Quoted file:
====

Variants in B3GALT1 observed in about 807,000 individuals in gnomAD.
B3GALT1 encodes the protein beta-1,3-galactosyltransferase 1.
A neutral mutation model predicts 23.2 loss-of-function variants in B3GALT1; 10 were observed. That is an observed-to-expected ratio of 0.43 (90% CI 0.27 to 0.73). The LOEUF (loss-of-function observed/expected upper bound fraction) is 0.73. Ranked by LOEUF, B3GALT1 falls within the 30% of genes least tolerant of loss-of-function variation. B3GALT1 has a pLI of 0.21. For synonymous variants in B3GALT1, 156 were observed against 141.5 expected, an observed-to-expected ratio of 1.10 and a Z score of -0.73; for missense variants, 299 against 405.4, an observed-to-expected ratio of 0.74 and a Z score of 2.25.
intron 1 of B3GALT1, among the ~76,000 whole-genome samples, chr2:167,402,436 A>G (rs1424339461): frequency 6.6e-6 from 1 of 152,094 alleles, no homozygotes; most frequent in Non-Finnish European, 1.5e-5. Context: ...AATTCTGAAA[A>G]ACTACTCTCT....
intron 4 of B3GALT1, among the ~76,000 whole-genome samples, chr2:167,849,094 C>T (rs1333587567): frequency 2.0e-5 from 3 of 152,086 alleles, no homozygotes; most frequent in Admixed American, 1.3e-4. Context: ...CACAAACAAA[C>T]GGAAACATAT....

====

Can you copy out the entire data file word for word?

Variants in B3GALT1 observed in about 807,000 individuals in gnomAD.
B3GALT1 encodes the protein beta-1,3-galactosyltransferase 1.
A neutral mutation model predicts 23.2 loss-of-function variants in B3GALT1; 10 were observed. That is an observed-to-expected ratio of 0.43 (90% CI 0.27 to 0.73). The LOEUF (loss-of-function observed/expected upper bound fraction) is 0.73. Ranked by LOEUF, B3GALT1 falls within the 30% of genes least tolerant of loss-of-function variation. B3GALT1 has a pLI of 0.21. For synonymous variants in B3GALT1, 156 were observed against 141.5 expected, an observed-to-expected ratio of 1.10 and a Z score of -0.73; for missense variants, 299 against 405.4, an observed-to-expected ratio of 0.74 and a Z score of 2.25.
intron 1 of B3GALT1, among the ~76,000 whole-genome samples, chr2:167,402,436 A>G (rs1424339461): frequency 6.6e-6 from 1 of 152,094 alleles, no homozygotes; most frequent in Non-Finnish European, 1.5e-5. Context: ...AATTCTGAAA[A>G]ACTACTCTCT....
intron 4 of B3GALT1, among the ~76,000 whole-genome samples, chr2:167,849,094 C>T (rs1333587567): frequency 2.0e-5 from 3 of 152,086 alleles, no homozygotes; most frequent in Admixed American, 1.3e-4. Context: ...CACAAACAAA[C>T]GGAAACATAT....